Julio Diaz has a daily routine. Every night, the 31-year old social worker ends his hour-long subway commute to the Bronx one stop early, just so he can eat at his favorite diner.
But one night, as Diaz stepped off the No. 6 train and onto a nearly empty platform, his evening took an unexpected turn.
He was walking towards the stairs when a teen-aged boy approached him and pulled out a knife.
“He wanted my money, so I just gave him my wallet and said, ‘Here you go,'” Diaz says.
As the teen began to walk away, Diaz yelled, “Hey, wait a minute. You forgot something. If you’re going to be robbing people for the rest of the night, you might as well take my coat to keep you warm.”
The would-be robber looked at Diaz, “like what’s going on here?” Diaz says. “He asked me, ‘Why are you doing this?'”
Diaz replied: “If you’re willing to risk your freedom for a few dollars, then I guess you must really need the money. I mean, all I wanted to do was get dinner, and if you really want to join me…hey, you’re more than welcome.”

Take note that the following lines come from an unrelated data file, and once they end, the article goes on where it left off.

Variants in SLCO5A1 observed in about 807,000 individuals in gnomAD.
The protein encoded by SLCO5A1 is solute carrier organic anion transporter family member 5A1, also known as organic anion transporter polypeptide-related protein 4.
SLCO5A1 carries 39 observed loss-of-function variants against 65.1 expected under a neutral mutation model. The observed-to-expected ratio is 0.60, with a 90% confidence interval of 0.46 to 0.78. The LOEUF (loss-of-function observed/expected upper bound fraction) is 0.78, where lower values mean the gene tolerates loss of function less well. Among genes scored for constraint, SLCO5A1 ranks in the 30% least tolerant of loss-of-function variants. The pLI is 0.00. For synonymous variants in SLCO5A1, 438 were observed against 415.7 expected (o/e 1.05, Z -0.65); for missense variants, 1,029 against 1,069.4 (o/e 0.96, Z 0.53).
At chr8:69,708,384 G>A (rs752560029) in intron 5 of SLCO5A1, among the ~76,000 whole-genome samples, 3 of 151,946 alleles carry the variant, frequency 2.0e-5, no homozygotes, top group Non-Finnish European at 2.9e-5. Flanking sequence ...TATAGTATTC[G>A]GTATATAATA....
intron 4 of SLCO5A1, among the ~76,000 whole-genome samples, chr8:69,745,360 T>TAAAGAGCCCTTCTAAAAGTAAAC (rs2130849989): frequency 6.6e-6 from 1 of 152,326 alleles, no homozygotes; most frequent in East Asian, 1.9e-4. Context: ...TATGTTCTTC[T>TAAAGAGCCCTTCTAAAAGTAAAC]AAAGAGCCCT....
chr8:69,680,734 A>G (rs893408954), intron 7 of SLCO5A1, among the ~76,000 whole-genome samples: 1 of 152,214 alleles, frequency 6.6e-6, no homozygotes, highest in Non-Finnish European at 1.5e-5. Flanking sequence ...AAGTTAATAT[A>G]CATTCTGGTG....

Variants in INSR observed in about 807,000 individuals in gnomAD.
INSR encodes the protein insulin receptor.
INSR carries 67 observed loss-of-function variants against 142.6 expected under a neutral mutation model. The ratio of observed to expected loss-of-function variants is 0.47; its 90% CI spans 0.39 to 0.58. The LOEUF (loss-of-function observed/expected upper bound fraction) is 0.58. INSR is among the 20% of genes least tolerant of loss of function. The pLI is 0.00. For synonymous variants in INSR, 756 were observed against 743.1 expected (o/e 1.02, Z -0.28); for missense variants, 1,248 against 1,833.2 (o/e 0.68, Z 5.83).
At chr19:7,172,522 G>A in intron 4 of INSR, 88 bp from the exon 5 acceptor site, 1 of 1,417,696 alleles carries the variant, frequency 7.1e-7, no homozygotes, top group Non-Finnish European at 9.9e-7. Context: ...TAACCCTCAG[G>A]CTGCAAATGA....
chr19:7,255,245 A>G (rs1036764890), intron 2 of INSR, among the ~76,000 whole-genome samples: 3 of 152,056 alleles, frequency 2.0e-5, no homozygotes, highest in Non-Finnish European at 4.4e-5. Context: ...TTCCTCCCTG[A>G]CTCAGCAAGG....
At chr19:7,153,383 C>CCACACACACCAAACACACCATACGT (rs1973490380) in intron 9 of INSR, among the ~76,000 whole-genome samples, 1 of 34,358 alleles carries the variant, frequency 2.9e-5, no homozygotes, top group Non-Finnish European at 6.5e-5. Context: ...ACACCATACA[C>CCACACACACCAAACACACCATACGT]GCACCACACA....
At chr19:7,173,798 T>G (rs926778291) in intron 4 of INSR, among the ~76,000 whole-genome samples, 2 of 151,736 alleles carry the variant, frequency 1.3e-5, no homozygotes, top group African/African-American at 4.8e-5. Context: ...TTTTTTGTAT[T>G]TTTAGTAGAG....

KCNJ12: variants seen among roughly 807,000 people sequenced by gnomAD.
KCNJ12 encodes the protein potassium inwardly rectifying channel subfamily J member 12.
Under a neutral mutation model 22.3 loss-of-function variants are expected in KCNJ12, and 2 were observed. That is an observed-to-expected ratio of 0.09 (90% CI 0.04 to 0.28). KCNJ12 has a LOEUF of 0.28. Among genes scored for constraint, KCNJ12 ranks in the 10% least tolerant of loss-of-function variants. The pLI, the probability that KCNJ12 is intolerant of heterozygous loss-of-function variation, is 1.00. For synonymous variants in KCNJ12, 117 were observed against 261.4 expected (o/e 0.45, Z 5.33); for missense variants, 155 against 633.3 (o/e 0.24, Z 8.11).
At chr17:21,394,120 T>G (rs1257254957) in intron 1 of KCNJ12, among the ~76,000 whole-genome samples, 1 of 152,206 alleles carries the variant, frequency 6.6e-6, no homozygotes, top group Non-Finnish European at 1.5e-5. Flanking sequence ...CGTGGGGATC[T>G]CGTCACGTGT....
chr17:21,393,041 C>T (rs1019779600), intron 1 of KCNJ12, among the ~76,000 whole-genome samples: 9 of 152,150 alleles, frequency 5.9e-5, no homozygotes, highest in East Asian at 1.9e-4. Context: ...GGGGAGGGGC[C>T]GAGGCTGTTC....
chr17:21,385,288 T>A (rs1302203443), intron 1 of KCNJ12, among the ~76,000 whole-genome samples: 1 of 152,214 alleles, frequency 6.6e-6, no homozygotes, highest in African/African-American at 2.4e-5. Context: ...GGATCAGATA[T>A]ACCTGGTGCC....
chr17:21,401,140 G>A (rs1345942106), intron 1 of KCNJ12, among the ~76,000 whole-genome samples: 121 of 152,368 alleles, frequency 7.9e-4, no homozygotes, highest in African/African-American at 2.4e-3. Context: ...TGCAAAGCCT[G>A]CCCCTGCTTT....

“You know, I just felt maybe he really needed help,” Diaz explained.
Diaz and the teen-ager went into the diner and sat in a booth.
“The manager, dishwashers and waiters came by to say hi,” Diaz says. “The kid was like, ‘You know everybody here. Do you own this place?'”
“No, I just eat here a lot,” Diaz told the teen. “He said, ‘But you’re even nice to the dishwasher.'”
Diaz replied, “Well, haven’t you been taught you should be nice to everybody?”
“Yea, but I didn’t think people actually behaved that way,” the teen said.
Diaz asked him what he wanted out of life. “He just had almost a sad face,” Diaz says.
The teen couldn’t, or didn’t want, to answer Diaz.
When the bill arrived, Diaz told the teen, “Look, I guess you’re going to have to pay for the bill ’cause you have my money and I can’t pay for this. So if you give me my wallet back, I’ll gladly treat you.”
The teen “didn’t even think about it” and returned the wallet. “I gave him $20…I figured maybe it would help him.”
Diaz asked for something in return – the teen’s knife – and “he gave it to me.”
Afterward, when Diaz told his mother what happened, she said, “You’re the type of kid that if someone asked you for the time, you’d give them your watch.”
Diaz remarked: “I figure, you know, if you treat people right, you can only hope that they treat you right. It’s as simple as it gets in this complicated world.”
Well said, Mr. Diaz. Be safe.